I like it too—I’m running a small test instance and I’m active over on Meta, and I signed up over here mainly to watch the deployment and see how the community shakes out.
In considering whether or not to adopt Discourse for my own personal site, I find that there are two main questions I ask myself whenever an issue comes up:
- Is this a problem that’s due to a bug, and if so, is it something I can live with?
- Is this a problem that’s due to Discourse actually doing something wrong, or is the problem based on my own assumptions and experience—and if so, does it really apply?
Discourse does a lot of things differently than a traditional forum—not necessarily better, but different. Some of the things Discourse does, like out-of-the-box community flagging of spam & abuse, make up for “missing” features (like, for example, moderators being unable to modify some of the security settings that I’d prefer they be able to modify).
Other things are simply bugs that I’m confident will get addressed—I don’t always get taken to my last unread post when I re-enter a topic, and sometimes scrolling too quickly through a thread won’t correctly mark all the messages in the thread as read. With the rapid pace of development, though, bugs are both inevitable and inevitably transitory.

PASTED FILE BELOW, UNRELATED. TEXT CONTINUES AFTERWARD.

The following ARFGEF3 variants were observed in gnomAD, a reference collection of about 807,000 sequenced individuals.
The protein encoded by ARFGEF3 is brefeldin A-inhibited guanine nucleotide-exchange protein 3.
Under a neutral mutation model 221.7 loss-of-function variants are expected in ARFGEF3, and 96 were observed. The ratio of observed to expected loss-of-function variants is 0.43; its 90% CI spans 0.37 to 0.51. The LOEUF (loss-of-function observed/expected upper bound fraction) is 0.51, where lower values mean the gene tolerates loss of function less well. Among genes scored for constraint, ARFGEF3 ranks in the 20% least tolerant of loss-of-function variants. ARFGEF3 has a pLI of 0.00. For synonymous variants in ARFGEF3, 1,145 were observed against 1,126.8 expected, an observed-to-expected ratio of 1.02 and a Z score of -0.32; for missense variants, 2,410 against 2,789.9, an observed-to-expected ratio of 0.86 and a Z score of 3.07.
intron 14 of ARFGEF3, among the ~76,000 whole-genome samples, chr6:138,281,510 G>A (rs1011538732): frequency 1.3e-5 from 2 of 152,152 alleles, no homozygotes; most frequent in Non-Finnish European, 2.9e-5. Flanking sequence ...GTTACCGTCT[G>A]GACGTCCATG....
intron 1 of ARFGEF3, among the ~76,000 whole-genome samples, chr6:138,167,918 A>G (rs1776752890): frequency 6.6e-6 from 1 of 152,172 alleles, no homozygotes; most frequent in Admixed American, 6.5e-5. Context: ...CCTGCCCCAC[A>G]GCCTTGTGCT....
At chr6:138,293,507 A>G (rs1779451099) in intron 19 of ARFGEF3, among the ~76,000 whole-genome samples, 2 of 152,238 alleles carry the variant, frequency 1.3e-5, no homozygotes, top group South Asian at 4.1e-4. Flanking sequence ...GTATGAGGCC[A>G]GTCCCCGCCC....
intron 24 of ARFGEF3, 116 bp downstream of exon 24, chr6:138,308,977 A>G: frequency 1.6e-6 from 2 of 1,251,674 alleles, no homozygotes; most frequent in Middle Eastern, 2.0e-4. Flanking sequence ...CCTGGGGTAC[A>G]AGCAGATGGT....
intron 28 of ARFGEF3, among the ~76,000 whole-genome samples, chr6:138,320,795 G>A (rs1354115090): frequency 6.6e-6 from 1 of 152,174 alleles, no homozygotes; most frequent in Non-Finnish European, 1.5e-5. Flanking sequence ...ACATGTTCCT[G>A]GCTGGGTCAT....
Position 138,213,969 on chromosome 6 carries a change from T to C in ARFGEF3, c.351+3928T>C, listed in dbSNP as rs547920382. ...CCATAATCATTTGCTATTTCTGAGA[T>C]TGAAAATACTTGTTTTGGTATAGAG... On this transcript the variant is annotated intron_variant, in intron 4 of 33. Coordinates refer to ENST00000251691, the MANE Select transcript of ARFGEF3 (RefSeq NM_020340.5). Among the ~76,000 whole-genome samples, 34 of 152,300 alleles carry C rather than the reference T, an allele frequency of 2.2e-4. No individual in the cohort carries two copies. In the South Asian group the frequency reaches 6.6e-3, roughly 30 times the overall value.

Discourse’s biggest weakness is also its biggest strength—it’s a Ruby-based forum that requries a postgresql + redis backend, and if you’re a sysadmin whose used to deploying MySQL + PHP applications, there’s a considerable learning curve. I’ve blogged about my own Discourse installation and the particular ways I overcame the hurdles (using Nginx + Passenger to serve the forum, fronted by Varnish for static stuff), but you definitely will not be able to simply clone the git repo down, add a virtual host, and be serving stuff like you might with a PHP app.
But I like it. I’ll stick with it and follow the new big sites as they pop up. It’s fascinating to see something new and neat, and it’s been fun to play with it and get it set up.